Leicester, England — If you ever wonder why English soccer is so popular around the world, despite its lack of recent international success, you should come to Leicester City F.C.’s training ground and meet the team’s manager, Claudio Ranieri.

In the world of soccer, Mr. Ranieri is a legend. He’s just won the Premier League, his first major title, at 64. And he did it with lowly Leicester, which had never won anything in its 132-year history. This time last year, the bookmakers gave the team 5,000-to-1 odds to win the Premier title. They gave Bono a better chance of becoming the next pope.

The Leicester players were a strange mix, a truly European affair — two rejects from Manchester United (Danny Drinkwater and Danny Simpson), two young hopefuls from the French second division (N’Golo Kanté and Riyad Mahrez), a Japanese player dropped from the German Bundesliga (Shinji Okazaki), a forward from Argentina (Leonardo Ulloa) and the striker James Vardy, a local boy who’d had a brush with the law and hated training (“The last time I lifted a weight was probably that can of Red Bull the other day,” he once said). Winning an unwinnable game or even two with this bunch is one thing; keeping it up for a whole season, leaving behind powerhouses such as Arsenal, Liverpool, Chelsea and Manchester United and City, is nothing short of a miracle.

The Premier League has just kicked off, and Leicester, known as the Foxes, lost their first match, against Hull. It’s going to be a long, hard season, as the team will also be playing, for the first time, in Europe’s Champions League. Still, like much of England, Mr. Ranieri is still in thrall over the past season, even though he knows he has another tough one ahead of him. “I’m the underdog. Always will be. And I love it,” he tells me.

We talk at Leicester’s training ground, sitting on two yellow chairs beside the impeccable green pitch, while Mr. Ranieri keeps an anxious eye on the powerful sprinklers that shoot up unpredictably around us. Two hundred yards away, Buddhist monks in orange robes bless the helicopter of the team’s Thai owner, Vichai Srivaddhanaprabha, before he takes off. Mr. Ranieri waves at them and shouts: “Hey, over there! Don’t forget to bless my office!” It’s a dreamlike scene. So is Mr. Ranieri’s story.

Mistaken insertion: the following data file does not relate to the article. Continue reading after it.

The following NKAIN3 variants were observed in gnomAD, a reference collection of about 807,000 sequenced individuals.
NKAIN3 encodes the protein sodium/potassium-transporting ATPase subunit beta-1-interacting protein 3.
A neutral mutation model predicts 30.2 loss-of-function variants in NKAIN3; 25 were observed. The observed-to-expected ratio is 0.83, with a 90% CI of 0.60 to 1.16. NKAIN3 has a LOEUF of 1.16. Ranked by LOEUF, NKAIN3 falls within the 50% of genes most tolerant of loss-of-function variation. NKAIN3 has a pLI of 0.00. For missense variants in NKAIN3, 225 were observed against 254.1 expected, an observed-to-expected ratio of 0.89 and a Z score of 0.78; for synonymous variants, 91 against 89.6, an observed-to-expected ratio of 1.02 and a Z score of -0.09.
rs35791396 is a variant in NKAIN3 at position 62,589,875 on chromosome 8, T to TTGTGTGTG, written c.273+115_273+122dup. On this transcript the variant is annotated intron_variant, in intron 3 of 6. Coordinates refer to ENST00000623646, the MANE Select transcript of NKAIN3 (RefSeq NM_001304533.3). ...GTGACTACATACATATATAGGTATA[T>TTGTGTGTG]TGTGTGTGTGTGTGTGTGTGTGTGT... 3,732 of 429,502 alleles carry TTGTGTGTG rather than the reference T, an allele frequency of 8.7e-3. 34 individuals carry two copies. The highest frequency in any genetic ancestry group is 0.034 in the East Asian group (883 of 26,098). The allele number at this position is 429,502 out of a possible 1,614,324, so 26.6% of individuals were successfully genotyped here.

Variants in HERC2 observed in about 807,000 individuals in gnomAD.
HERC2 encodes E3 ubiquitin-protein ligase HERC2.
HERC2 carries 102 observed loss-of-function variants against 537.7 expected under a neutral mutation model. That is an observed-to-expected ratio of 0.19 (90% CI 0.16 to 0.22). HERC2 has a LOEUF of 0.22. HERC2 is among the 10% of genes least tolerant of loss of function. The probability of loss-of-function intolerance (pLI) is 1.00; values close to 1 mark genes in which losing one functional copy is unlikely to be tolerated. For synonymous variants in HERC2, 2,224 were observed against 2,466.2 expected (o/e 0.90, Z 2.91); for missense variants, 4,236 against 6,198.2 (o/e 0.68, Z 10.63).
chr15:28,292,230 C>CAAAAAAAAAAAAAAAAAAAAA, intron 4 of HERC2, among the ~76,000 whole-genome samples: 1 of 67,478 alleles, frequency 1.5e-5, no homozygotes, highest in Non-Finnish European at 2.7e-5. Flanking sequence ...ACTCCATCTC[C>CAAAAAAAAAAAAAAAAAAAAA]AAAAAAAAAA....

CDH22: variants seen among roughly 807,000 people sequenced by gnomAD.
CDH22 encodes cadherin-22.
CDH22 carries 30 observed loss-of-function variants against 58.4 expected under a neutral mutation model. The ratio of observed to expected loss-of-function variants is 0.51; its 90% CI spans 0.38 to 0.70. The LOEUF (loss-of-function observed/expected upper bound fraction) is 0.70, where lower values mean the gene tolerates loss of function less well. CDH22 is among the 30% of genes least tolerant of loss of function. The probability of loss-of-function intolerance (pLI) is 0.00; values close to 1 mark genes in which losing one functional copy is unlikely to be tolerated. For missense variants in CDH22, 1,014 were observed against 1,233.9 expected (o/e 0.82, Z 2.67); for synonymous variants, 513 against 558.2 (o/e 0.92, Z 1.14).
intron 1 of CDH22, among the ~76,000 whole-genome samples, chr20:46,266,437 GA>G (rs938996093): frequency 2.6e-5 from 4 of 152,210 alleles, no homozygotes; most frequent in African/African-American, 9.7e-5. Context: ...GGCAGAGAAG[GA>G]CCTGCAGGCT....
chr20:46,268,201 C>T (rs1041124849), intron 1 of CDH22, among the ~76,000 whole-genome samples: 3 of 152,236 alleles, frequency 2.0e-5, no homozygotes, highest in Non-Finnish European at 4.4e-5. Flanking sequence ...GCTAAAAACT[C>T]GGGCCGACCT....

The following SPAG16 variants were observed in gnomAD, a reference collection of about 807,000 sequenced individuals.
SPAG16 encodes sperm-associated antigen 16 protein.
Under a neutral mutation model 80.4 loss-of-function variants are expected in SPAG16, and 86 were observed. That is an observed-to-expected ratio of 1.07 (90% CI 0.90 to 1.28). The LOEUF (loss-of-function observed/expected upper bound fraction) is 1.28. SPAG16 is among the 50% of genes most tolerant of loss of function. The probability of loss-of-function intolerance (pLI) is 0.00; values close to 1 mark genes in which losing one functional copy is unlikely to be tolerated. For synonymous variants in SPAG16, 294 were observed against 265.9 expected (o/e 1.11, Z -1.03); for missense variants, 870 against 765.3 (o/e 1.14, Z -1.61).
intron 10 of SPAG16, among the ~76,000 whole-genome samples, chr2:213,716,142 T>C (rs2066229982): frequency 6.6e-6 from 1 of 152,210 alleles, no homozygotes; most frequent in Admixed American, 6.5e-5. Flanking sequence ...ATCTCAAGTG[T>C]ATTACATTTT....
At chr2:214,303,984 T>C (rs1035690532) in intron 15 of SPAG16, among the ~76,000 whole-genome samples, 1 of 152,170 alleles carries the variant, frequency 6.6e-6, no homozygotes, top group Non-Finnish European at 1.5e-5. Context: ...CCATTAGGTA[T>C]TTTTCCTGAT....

The son of a butcher in Rome, he used to deliver meat for his father (hence his childhood nickname, Er Fettina, or “Cutlet Boy”). He played, then coached, for many years in Southern Italy, where soccer is a rough affair.

Sitting under the leaden English sky, he recalls those early days. “I’ve coached in Pozzuoli, near Naples, with mobsters behind the bench shouting,” he says. “Now British journalists ask me: ‘Are you feeling the pressure, Mr. Ranieri?’ Pressure? What do they know about pressure?”

Until now, Leicester, a medium-size Midlands city, was not known for anything much. The team’s home, King Power Stadium, is right downtown and the training ground is nearby, nestled among streets of small rowhouses. A sign pleads: “Please drive carefully. This is a residential area.”

Yet this is not Mr. Ranieri’s first experience with British soccer. From 2000 to 2004 he coached Chelsea, reaching the semifinals of the Champions League. He loves it here. “Will you move to one of the great English clubs in the future?” I ask. “This is my great English club. I plan to stay at Leicester until I’m fed up of managing a soccer team.” His contract runs to 2020.

Mr. Ranieri is not only a wise man and a smooth operator, whose fatherly approach works wonders. He’s also living proof that disparate cultures can work well together. A real European, if you like. “I merge English intensity with Italian tactics and teach them to my players. Not too much tactics, otherwise I’d burn them out!” he jokes.

He says that if he’d been eligible he would have voted for Britain to remain in the European Union, but he’s convinced the British will find a way to make Brexit work. “Once they’ve made a decision, they pull together,” he says. And if not? “Well, then we have a problem. In the Premier League, as well. Will we be able to recruit the best European players, as we do now?”

For now, the free flow of players may be working against Mr. Ranieri. The world’s best — and best paid — managers are ready for the fox hunt. The favorite to win this year may be José Mourinho at Manchester United, who just signed Zlatan Ibrahimovic and Paul Pogba, the latter for $115 million, the most expensive transfer in soccer history. Mr. Mourinho, known as the Special One, is boisterous, excitable and self-confident to the point of arrogance. He once dismissed Mr. Ranieri as “an old loser,” but later apologized.

At the time, I wrote that “comparing the two is like comparing Russell Crowe and Hugh Grant — they are so different, it makes no sense.” Mr. Ranieri remembers that. As we say goodbye, he asks politely: “Could I be Russell Crowe?”

You won the Premier League with Leicester City. You can be anything you want, Claudio. Even the Gladiator on the Bench.

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